After a year which saw many of its campaigns take centre stage, FairPensions’ chief executive talks to Sam Brodbeck about Barack Obama, responsibility and how pensions can lead the way in creating a better investment culture

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Catherine Howarth - Fair Pensions

Catherine Howarth arrives at Pensions Insight’s HQ by bicycle and cannot hide her excitement at stepping inside our unexceptional media office. “I’ve often looked at this building from the street and wondered what the inside was like,” she explains. “It’s much smarter than our office.”

That humble Borough workplace is just over the Thames from the wealth of the City of London, and in the five years since Howarth became chief executive of responsible investment group FairPensions, the journey across London Bridge has taken on a growing significance. Events have placed the issues at the heart of FairPensions’ work squarely on the political agenda.

Events have placed the issues at the heart of FairPensions’ work squarely on the political agenda

It began with last year’s ‘shareholder spring’ that focused on executive pay; gathered momentum with Professor John Kay’s review of the UK equity markets; and was made more pressing by the worsening state of financial markets, which hit the funding of defined benefit pension schemes.

It is the interaction (or lack of) between different segments of the financial world that has caused many of these ruptures.

Luckily for FairPensions and Howarth, managing the interests of conflicting parties is where she cut her teeth. After finishing her studies, she spent three years researching at think tank New Policy Institute, followed by eight years as a community organiser at London Citizens.

Barack Obama was a community organiser in Chicago and was actually trained by the same people who trained me

“Community organising was an unknown occupation in the UK until an up-and-coming presidential candidate called Barack Obama appeared and everybody wanted to know about his background,” Howarth says. “He was a community organiser in Chicago and was actually trained by the same people who trained me.”

“It’s about building broad alliances between different interest groups that live in the same community,” she explains.

It was while she was at London Citizens that Howarth had her first brush with pensions. “My own savings were with the Pensions Trust [a scheme for the voluntary sector and one of the biggest in the UK].

I was always totally fascinated by economics and thought getting experience through being a trustee beat signing up to a formal course

“I stood for election as a member-nominated trustee and have been one ever since. I was always totally fascinated by economics and thought getting experience through being a trustee beat signing up to a formal course.”

The mixture of practical arbitration skills and the specialist pensions knowledge that she has absorbed from being a trustee at one of the country’s leading master trusts, dovetails neatly in her current role.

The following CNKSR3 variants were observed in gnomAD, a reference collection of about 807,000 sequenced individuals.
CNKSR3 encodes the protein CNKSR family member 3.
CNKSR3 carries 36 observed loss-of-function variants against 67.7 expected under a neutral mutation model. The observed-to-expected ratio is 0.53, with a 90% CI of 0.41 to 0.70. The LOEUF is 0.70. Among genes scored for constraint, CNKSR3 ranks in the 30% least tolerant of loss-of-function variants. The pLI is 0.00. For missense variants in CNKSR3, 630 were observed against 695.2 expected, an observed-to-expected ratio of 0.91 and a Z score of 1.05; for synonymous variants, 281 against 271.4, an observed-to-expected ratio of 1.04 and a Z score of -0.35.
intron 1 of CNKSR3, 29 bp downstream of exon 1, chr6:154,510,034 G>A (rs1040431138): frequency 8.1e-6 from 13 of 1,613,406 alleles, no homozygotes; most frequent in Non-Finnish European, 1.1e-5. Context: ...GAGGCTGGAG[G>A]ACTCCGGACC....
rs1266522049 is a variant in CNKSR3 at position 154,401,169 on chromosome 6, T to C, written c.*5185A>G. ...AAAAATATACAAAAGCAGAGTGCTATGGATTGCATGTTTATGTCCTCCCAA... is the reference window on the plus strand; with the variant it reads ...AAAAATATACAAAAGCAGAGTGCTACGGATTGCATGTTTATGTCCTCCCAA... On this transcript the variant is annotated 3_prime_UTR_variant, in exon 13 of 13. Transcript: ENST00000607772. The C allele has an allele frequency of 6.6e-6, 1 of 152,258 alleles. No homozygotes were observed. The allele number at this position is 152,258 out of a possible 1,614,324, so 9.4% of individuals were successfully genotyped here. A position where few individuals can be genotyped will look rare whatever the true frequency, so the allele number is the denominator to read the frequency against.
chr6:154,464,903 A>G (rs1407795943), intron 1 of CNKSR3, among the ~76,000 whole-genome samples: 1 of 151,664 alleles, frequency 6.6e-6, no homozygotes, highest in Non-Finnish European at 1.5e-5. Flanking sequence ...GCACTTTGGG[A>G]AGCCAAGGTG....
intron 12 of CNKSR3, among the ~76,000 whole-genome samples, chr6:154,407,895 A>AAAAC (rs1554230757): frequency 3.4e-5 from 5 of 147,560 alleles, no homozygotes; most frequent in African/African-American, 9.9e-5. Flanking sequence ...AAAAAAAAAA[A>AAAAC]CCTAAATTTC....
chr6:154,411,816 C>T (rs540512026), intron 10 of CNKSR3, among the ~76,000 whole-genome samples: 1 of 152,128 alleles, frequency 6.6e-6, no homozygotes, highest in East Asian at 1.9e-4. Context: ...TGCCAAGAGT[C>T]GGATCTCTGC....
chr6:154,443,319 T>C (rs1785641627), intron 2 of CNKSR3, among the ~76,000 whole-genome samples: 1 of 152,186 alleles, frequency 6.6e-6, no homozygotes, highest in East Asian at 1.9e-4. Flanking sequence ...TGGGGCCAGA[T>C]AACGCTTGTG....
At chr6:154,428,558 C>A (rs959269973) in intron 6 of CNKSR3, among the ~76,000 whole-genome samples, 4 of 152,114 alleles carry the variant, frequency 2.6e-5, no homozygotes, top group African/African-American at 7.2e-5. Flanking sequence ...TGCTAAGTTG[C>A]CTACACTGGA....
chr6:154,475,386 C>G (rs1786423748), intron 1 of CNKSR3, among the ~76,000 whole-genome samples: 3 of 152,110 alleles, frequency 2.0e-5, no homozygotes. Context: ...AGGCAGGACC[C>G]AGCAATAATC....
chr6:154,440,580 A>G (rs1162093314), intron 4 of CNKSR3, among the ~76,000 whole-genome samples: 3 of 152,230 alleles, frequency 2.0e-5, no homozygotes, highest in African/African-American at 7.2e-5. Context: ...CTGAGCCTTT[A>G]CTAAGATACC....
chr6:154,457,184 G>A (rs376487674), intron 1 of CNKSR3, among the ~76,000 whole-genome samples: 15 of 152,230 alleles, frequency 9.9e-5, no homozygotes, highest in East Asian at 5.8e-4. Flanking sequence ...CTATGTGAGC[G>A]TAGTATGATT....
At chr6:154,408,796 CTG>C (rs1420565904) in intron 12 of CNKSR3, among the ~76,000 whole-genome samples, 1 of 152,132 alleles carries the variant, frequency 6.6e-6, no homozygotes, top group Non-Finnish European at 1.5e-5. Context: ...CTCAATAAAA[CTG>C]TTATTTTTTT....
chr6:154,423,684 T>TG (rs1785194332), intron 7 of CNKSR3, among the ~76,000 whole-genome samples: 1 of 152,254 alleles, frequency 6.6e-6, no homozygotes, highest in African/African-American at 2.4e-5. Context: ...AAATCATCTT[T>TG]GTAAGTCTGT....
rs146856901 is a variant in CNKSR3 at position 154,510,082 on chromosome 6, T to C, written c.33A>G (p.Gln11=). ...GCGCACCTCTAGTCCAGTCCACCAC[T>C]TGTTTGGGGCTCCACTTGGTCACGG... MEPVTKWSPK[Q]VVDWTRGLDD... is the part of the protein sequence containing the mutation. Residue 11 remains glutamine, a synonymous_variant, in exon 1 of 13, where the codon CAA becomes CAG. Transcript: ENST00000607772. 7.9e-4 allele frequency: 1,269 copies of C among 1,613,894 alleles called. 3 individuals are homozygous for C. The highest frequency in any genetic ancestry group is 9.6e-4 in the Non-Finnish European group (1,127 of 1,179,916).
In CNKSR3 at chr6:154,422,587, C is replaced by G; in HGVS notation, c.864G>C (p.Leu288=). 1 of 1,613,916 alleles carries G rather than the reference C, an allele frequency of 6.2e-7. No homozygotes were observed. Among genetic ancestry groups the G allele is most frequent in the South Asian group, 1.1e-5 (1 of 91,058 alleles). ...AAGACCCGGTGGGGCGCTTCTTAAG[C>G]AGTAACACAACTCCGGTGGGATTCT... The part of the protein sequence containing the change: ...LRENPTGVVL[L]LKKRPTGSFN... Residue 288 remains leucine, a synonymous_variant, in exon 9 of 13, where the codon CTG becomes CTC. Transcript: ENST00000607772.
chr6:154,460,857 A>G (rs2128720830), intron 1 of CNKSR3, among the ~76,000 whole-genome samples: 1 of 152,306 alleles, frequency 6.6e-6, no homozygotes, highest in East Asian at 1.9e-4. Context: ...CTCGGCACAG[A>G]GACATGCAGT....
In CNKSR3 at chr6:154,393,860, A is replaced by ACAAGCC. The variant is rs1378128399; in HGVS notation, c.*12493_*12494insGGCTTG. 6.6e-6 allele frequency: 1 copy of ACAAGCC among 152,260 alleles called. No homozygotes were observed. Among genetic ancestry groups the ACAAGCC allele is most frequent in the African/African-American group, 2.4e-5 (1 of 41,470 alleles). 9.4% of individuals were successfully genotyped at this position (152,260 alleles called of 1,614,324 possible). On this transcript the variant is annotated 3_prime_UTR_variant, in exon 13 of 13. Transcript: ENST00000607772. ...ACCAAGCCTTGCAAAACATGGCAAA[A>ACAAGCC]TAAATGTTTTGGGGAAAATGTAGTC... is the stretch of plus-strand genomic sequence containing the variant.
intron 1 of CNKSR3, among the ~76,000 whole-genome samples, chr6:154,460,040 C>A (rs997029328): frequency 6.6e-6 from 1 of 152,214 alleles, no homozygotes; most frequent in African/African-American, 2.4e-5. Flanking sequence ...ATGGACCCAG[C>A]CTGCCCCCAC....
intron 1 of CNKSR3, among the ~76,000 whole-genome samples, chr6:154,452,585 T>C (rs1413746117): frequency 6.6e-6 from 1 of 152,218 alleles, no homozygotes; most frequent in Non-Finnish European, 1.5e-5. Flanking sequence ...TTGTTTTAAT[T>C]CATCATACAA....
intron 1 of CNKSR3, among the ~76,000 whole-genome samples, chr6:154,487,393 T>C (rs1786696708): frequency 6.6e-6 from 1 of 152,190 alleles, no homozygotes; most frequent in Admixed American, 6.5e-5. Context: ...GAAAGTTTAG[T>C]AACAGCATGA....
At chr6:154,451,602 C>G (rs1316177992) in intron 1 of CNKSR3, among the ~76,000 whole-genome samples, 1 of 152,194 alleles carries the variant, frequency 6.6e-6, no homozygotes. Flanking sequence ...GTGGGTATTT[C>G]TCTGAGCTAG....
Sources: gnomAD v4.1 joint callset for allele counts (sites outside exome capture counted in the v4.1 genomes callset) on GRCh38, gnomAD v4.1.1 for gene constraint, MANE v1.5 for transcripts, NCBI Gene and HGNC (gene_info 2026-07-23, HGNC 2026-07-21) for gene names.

PENSIONS IN THE COMMUNITY

Howarth describes FairPensions as a “community-based organisation for the pensions sector that champions transparency, accountability and responsible investment on behalf of scheme members”. The charity has nine full-time staff and receives the bulk of its funding from grants, donations and membership fees.

As well as broadly promoting shareholder engagement, it addresses specific cases where environmental, social and governance (ESG) issues have been ignored by investors and companies. These have included encouraging shareholders to question Shell’s impact on the Niger delta; pushing for legislation to force companies to report the measures they are taking to prevent human trafficking in supply chains; and putting pressure on telecoms companies to protect human rights following Vodafone’s decision to shut down services during the Arab Spring at the request of oppressive governments.

Howarth’s predecessor and FairPensions founder, Alex van der Velden, has just launched Ownership Capital, an equities fund that aims to incorporate ESG factors and a long-term holding approach.

If you look into the future, there are a series of mid-to-long term trends around resource scarcity and climate change, where if we ignore those risks it could be very costly to schemes

So is this the kind of model fund FairPension advocates?

“It’s encouraging that products are emerging in the market that embed these ideals into them,” Howarth says, “but our approach is about mainstreaming the integration of ESG factors.”

The ‘environment’ part of the ESG acronym is of particular interest to Howarth. “If you look into the future, there are a series of mid-to-long term trends around resource scarcity and climate change, where if we ignore those risks it could be very costly to schemes.” Howarth says: “I appreciate that big DB schemes need to worry about liabilities pressure right now, but for younger savers in defined contribution schemes we have to be on the ball about risks that are coming down the track.”